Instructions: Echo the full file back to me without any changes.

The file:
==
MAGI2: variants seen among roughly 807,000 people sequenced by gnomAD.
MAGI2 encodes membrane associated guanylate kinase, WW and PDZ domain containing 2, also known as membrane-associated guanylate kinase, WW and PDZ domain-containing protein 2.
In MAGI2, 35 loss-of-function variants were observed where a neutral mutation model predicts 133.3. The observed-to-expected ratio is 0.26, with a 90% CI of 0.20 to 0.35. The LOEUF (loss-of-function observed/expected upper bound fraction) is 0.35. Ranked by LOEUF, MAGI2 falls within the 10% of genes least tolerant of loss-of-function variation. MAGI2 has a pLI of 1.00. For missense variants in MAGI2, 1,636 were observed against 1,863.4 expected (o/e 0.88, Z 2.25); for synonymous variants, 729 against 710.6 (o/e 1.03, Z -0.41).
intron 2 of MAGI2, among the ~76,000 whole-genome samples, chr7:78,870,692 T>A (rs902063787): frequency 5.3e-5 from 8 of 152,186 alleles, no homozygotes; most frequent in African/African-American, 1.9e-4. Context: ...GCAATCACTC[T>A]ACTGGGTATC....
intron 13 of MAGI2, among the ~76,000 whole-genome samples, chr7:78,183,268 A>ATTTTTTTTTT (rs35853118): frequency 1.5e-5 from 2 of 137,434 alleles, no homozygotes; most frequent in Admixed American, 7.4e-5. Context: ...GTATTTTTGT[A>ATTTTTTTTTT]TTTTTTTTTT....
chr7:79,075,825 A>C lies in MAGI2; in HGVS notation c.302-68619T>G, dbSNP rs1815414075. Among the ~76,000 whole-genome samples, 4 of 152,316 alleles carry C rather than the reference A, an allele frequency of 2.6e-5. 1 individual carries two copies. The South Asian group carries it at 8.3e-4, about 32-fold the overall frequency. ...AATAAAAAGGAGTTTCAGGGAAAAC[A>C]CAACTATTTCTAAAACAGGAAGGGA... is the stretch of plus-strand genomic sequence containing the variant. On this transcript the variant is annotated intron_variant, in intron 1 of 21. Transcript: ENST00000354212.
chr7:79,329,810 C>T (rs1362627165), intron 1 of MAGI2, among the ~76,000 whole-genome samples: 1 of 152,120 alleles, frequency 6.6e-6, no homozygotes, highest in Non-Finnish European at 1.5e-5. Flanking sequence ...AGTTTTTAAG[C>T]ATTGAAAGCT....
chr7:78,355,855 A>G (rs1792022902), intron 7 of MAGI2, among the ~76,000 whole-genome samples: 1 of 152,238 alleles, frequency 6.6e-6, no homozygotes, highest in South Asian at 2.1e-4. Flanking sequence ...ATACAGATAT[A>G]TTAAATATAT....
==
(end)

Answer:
MAGI2: variants seen among roughly 807,000 people sequenced by gnomAD.
MAGI2 encodes membrane associated guanylate kinase, WW and PDZ domain containing 2, also known as membrane-associated guanylate kinase, WW and PDZ domain-containing protein 2.
In MAGI2, 35 loss-of-function variants were observed where a neutral mutation model predicts 133.3. The observed-to-expected ratio is 0.26, with a 90% CI of 0.20 to 0.35. The LOEUF (loss-of-function observed/expected upper bound fraction) is 0.35. Ranked by LOEUF, MAGI2 falls within the 10% of genes least tolerant of loss-of-function variation. MAGI2 has a pLI of 1.00. For missense variants in MAGI2, 1,636 were observed against 1,863.4 expected (o/e 0.88, Z 2.25); for synonymous variants, 729 against 710.6 (o/e 1.03, Z -0.41).
intron 2 of MAGI2, among the ~76,000 whole-genome samples, chr7:78,870,692 T>A (rs902063787): frequency 5.3e-5 from 8 of 152,186 alleles, no homozygotes; most frequent in African/African-American, 1.9e-4. Context: ...GCAATCACTC[T>A]ACTGGGTATC....
intron 13 of MAGI2, among the ~76,000 whole-genome samples, chr7:78,183,268 A>ATTTTTTTTTT (rs35853118): frequency 1.5e-5 from 2 of 137,434 alleles, no homozygotes; most frequent in Admixed American, 7.4e-5. Context: ...GTATTTTTGT[A>ATTTTTTTTTT]TTTTTTTTTT....
chr7:79,075,825 A>C lies in MAGI2; in HGVS notation c.302-68619T>G, dbSNP rs1815414075. Among the ~76,000 whole-genome samples, 4 of 152,316 alleles carry C rather than the reference A, an allele frequency of 2.6e-5. 1 individual carries two copies. The South Asian group carries it at 8.3e-4, about 32-fold the overall frequency. ...AATAAAAAGGAGTTTCAGGGAAAAC[A>C]CAACTATTTCTAAAACAGGAAGGGA... is the stretch of plus-strand genomic sequence containing the variant. On this transcript the variant is annotated intron_variant, in intron 1 of 21. Transcript: ENST00000354212.
chr7:79,329,810 C>T (rs1362627165), intron 1 of MAGI2, among the ~76,000 whole-genome samples: 1 of 152,120 alleles, frequency 6.6e-6, no homozygotes, highest in Non-Finnish European at 1.5e-5. Flanking sequence ...AGTTTTTAAG[C>T]ATTGAAAGCT....
chr7:78,355,855 A>G (rs1792022902), intron 7 of MAGI2, among the ~76,000 whole-genome samples: 1 of 152,238 alleles, frequency 6.6e-6, no homozygotes, highest in South Asian at 2.1e-4. Flanking sequence ...ATACAGATAT[A>G]TTAAATATAT....